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By JOHN BROWN T 0 an ex-worker like me a good deal of the stuff written about the " proletariat " or " the working class " reads hollow. " Working class " is really an attitude...

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By HAROLD NICOLSON I T has been interesting this week to read the several obituary notices which have been devoted to the late President Benes. There would seem to be three...

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"Antoine et Antoinette." (Railto.)—" Life With Father." (Warner.) —" The Birds and the Bees." (Empire.)—" The Glory of Sport." (Gaumont and Marble Arch Pavilion.) A...


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THE THEATRE "Rain on the Just" By Peter Wading. (Aldwych.) THE central idea of Mr. Watling's play is serious, interesting and topical. The Carbels have lived at Cleves for...

..Don't Listen, Ladies !" By Stephen Powys and Guy Bolton

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from the French of Sacha Guitry. (St. James's.) MISOGYNIST is hardly the word for the elderly, successful and almost involuntary amorist around whom this frothy and agreeable...

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SIR.—Mr. Aubrey Buxton is to be congratulated on his letter in your issue of September 3rd about the Karens, which deserves the widest publicity. Not everyone, however, will...


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THE TEACHING PROFESSION SIR,—Sir Ernest Graham-Little, in his letter in The Spectator of September 3rd, contrasts the generosity of the Government's offer to teachers with the...

Sot,—My pride, as a naval officer, is wounded by a

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recent letter on " Conscript Service." An example was quoted of a young man, called up only eleven months ago, who " having long since finished his naval training, is as good a...


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SIR,—I do not care where Dr. Cook turned up after staking his claim to the North Pole. When I mentioned " a despatch " of Cook's in my first letter, I didn't say it concerned...


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Sta,—I have been interested in the letters to your paper on this subject, but it seems to me that as yet very little of it has been covered, and the views expressed appear, in...

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Snt,—While holding no brief for Communism, I feel that Mr.

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Chaldecott is going too far in asserting that " it is the plain duty of _Christians and responsible citizens of the West to remove this [Communism] and any other scourge from...

PUBLISHER TO THE GENERAL Sin,—The trigger-like quality of the language

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Mr. Cyril Ray uses in his review of General Patton's book is something that the General himself (a professor of " picturesque profanity ") might well have envied. Accord- . ing...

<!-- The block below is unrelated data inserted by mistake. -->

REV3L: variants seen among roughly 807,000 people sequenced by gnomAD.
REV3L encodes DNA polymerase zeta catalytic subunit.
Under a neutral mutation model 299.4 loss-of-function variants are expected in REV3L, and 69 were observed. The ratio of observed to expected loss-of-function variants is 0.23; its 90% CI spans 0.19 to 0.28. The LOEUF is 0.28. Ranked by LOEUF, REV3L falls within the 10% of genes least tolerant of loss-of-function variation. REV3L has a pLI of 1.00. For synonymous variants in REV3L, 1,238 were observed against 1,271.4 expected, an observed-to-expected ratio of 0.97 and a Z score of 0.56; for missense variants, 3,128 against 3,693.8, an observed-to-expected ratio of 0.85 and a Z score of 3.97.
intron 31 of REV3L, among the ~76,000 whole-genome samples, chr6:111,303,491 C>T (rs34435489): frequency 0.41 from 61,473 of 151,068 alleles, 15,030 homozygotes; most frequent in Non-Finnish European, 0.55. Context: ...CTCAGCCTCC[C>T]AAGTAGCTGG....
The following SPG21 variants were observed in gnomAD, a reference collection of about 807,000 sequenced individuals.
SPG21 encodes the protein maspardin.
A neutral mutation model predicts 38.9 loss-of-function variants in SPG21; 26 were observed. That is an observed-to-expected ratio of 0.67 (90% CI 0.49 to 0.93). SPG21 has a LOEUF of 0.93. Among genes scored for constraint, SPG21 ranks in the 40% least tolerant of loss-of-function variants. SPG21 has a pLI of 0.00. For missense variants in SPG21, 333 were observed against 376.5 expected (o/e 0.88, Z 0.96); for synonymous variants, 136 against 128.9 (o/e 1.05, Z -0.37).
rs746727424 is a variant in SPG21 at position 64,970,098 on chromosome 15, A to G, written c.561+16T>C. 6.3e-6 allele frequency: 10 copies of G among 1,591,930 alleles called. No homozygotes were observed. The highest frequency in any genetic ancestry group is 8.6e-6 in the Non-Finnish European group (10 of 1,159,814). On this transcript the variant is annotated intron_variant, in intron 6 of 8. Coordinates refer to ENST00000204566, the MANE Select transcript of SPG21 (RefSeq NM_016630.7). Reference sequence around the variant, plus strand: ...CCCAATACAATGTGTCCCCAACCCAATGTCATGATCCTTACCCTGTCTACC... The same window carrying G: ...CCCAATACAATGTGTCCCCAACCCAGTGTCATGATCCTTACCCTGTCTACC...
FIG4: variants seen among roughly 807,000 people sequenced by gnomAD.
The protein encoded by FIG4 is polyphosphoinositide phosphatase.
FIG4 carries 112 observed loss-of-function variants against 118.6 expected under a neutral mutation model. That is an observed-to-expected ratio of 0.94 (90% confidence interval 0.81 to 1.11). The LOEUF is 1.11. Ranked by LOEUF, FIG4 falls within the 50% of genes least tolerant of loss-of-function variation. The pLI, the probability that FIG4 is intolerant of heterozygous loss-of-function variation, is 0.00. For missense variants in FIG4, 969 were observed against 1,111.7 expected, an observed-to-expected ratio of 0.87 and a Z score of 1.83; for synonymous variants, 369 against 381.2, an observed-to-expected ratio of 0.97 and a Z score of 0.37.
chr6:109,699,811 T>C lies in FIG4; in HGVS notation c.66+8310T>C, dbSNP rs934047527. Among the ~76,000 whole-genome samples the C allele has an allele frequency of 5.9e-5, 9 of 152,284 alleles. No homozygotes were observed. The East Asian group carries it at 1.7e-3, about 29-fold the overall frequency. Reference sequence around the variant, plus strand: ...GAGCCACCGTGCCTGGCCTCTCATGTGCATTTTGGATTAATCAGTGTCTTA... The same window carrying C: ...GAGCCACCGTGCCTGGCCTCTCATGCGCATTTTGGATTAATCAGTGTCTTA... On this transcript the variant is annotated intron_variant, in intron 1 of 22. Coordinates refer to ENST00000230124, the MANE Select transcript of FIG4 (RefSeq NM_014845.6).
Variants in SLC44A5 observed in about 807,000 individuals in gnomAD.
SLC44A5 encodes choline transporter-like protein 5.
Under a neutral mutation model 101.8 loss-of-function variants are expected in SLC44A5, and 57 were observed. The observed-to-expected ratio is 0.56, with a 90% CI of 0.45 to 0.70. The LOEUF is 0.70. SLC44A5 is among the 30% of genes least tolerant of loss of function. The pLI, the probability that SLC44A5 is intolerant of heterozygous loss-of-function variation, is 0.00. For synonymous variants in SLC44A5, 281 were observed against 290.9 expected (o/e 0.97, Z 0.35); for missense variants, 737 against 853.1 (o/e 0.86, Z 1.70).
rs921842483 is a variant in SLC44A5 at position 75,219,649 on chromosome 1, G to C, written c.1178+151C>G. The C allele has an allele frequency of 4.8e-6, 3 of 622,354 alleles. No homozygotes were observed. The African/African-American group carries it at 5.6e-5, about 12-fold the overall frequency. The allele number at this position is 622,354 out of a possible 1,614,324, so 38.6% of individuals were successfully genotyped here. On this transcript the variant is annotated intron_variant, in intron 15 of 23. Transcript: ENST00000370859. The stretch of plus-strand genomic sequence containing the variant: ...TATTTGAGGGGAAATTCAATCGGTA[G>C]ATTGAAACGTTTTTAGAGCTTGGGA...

COMMUNISM AND PEACE Snt,—In your leading article, Communism and Peace,

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you allude to the " persecuted minorities " in East Central Europe: I think it is rather from habit that the word " minorities " was used in this case, by analogy with the...

THE CHILDREN OF GREECE StR,—I am flogging a dead horse,

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I know, but I really cannot let Mr. Sloan get away with it. The whole of Chapter II (of which I cited Section Et: is entitled " The Evidence " ; that is to say, it deals with...

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Ste,—Since the report of the Watson Commission of Enquiry was pub- lished, a number of people have eitr praised or condemned sections of it. The sections most criticised by...


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SIR, —Mr. Arwyn Thomas is to be congratulated on his letter of Septem- ber 3rd. To concentrate so much hatred and abuse into eleven lines of The Spectator was something of an...


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Ste,—Our present ill-fortune in the matter of space is doubtless the reason why the death of Alec Wyatt Tilby, at 68, in a Glasgow hospital, has passed almost without notice in...

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Heath and Heather How often is "heather honey " spoken

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of as a superior luxury ; but how many of those who use the description know what it means. Honey from bell heather has no particular likeness to honey from ling, which is the...


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MANY people must have noticed the comparative absence of sparrows from the harvest fields. At one time there was a huge emigration of sparrows from the towns—especially, I...


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Sin,—After reading Mr. Nicolson's Marginal Comment of August 27th I have been rather mystified by his enumeration of modem farm implements ; so much so that much time has been...


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SIR,—Janus is wrong. To say " I was sent a gold watch " is not perfectly correct, but very bad English, as he will find if he tries to parse the word " watch "—or imagine a...

More Sea - birds The ups and downs of the bird population